World leaders moved quickly to denounce North Korea's attempt to launch a long range rocket despite its failure, saying it violates U.N. Security Council resolutions.
The United Nations Security Council will meet today to discuss the provocation, while North Korean rocket experts try to figure out why the launch failed.
Pyongyang's attempt to defy the international community fizzled when the launch of a 90-ton, long-range rocket ended in embarrassment.
The launch lasted a mere 81 seconds before the rocket disintegrated. North Korea claimed this was only a weather satellite, launched in honor of the 100th birth year of founder Kim IL Sung. Earlier this week, his grandson, Kim Jung-un, took over as the nation's "supreme leader."
"This one is a huge deal," North Korean analyst Cedric Leighton said. "Because it is also Kim Jong-Un's first attempt at really showing his muscle on the international stage. And that failed."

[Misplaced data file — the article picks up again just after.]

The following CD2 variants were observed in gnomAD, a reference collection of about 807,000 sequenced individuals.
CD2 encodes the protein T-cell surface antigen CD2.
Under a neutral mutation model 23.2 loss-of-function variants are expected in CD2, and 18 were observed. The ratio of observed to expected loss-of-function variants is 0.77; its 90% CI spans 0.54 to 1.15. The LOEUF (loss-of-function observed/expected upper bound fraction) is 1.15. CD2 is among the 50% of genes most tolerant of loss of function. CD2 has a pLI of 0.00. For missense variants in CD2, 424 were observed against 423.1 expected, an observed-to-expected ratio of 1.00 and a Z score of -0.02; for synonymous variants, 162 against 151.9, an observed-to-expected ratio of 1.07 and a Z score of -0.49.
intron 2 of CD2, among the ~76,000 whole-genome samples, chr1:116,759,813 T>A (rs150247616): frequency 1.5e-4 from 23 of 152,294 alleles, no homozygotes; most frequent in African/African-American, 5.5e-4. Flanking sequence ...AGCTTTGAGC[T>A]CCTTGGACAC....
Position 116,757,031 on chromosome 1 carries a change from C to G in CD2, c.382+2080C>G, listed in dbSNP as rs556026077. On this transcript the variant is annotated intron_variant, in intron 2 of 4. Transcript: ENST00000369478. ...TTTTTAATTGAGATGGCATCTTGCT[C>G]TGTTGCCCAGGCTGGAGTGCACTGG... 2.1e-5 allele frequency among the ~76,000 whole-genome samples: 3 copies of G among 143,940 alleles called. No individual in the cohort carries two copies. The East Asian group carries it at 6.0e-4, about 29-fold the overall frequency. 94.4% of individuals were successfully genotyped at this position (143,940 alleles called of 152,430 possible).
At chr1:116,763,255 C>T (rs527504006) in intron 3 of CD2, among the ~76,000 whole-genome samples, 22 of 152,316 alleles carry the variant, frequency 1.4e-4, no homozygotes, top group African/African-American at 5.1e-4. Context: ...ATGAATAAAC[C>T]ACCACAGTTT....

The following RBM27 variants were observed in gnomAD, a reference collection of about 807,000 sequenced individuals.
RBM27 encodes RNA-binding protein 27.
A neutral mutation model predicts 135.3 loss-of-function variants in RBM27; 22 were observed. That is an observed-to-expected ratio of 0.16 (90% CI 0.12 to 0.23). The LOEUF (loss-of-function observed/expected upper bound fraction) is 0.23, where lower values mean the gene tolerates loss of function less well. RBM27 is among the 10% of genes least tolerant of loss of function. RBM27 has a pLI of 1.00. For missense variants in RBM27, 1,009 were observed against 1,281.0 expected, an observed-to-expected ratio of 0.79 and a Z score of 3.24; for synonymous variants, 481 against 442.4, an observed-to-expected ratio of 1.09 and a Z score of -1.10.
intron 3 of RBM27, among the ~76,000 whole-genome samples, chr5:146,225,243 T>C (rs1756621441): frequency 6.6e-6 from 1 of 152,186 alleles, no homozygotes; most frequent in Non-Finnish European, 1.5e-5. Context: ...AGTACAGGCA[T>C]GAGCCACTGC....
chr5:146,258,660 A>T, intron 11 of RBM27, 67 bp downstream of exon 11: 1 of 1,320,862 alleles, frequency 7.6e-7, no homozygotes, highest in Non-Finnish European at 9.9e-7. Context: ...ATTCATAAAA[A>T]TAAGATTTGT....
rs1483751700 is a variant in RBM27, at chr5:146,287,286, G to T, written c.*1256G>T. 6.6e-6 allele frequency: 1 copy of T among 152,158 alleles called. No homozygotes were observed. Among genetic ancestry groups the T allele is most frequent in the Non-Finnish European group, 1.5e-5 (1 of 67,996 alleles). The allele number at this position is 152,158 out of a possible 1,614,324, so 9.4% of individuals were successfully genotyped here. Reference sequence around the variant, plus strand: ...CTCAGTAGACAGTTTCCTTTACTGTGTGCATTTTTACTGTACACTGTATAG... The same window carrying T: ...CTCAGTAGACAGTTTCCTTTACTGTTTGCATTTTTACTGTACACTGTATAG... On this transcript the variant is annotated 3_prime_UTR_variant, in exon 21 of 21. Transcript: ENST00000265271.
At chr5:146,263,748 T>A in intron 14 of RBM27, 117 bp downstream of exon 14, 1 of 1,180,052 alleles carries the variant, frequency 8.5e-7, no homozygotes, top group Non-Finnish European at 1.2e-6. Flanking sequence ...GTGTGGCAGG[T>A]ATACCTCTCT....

North Korea said the launch was part of a peaceful effort to send a satellite into space. But the United States and its allies called it "a cover" for a test of military technology that could be used to develop a long-range missile.
"The concern is not that they're going to shoot them at the United States, but they could sell them. They could sell this technology," Victor Cha, with the Center for Strategic and International Studies, said.
"They've sold every missile that they've ever developed to the Iranians, the Pakistanis and others," he said.
The U.N. Security Council has scheduled an emergency meeting to discuss the matter Friday.
"Despite the fact it failed, it was a dangerous and provocative act," Australian Prime Minister Julia Gillard said.
The White House said it will suspend 240,000 tons of food aid needed for starving North Koreans. U.S, officials fear the communist nation will soon conduct a nuclear test, because of increased activity at a nuclear site.
"Whenever you see that kind of activity, that is usually indicative of preparation for a nuclear test; it's all being done at the same site," Cha said.
What is as surprising as the launch's spectacular failure is that the North Korean government admitted it to it's own people on state TV.
One citizen, upon hearing the news, said that even big nations like the United States have failures.